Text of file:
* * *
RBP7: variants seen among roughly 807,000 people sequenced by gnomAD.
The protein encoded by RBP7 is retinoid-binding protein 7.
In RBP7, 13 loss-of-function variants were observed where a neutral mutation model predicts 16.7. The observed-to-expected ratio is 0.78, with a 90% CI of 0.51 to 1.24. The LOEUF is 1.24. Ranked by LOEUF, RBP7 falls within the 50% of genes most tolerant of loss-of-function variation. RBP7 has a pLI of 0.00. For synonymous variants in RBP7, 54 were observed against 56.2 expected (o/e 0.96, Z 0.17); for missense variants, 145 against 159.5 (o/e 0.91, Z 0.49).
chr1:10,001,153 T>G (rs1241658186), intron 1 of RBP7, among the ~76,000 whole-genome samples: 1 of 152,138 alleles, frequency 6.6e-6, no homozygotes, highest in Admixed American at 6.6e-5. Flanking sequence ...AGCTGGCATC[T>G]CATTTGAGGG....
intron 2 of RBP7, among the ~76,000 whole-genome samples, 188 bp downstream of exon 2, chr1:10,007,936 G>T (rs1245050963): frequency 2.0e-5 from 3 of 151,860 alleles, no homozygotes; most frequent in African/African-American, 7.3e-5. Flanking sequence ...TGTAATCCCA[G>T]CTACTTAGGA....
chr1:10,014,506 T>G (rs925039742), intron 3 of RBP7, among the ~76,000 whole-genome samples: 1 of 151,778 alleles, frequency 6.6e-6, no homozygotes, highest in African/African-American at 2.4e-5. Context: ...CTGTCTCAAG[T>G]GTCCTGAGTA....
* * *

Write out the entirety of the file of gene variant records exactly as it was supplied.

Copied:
RBP7: variants seen among roughly 807,000 people sequenced by gnomAD.
The protein encoded by RBP7 is retinoid-binding protein 7.
In RBP7, 13 loss-of-function variants were observed where a neutral mutation model predicts 16.7. The observed-to-expected ratio is 0.78, with a 90% CI of 0.51 to 1.24. The LOEUF is 1.24. Ranked by LOEUF, RBP7 falls within the 50% of genes most tolerant of loss-of-function variation. RBP7 has a pLI of 0.00. For synonymous variants in RBP7, 54 were observed against 56.2 expected (o/e 0.96, Z 0.17); for missense variants, 145 against 159.5 (o/e 0.91, Z 0.49).
chr1:10,001,153 T>G (rs1241658186), intron 1 of RBP7, among the ~76,000 whole-genome samples: 1 of 152,138 alleles, frequency 6.6e-6, no homozygotes, highest in Admixed American at 6.6e-5. Flanking sequence ...AGCTGGCATC[T>G]CATTTGAGGG....
intron 2 of RBP7, among the ~76,000 whole-genome samples, 188 bp downstream of exon 2, chr1:10,007,936 G>T (rs1245050963): frequency 2.0e-5 from 3 of 151,860 alleles, no homozygotes; most frequent in African/African-American, 7.3e-5. Flanking sequence ...TGTAATCCCA[G>T]CTACTTAGGA....
chr1:10,014,506 T>G (rs925039742), intron 3 of RBP7, among the ~76,000 whole-genome samples: 1 of 151,778 alleles, frequency 6.6e-6, no homozygotes, highest in African/African-American at 2.4e-5. Context: ...CTGTCTCAAG[T>G]GTCCTGAGTA....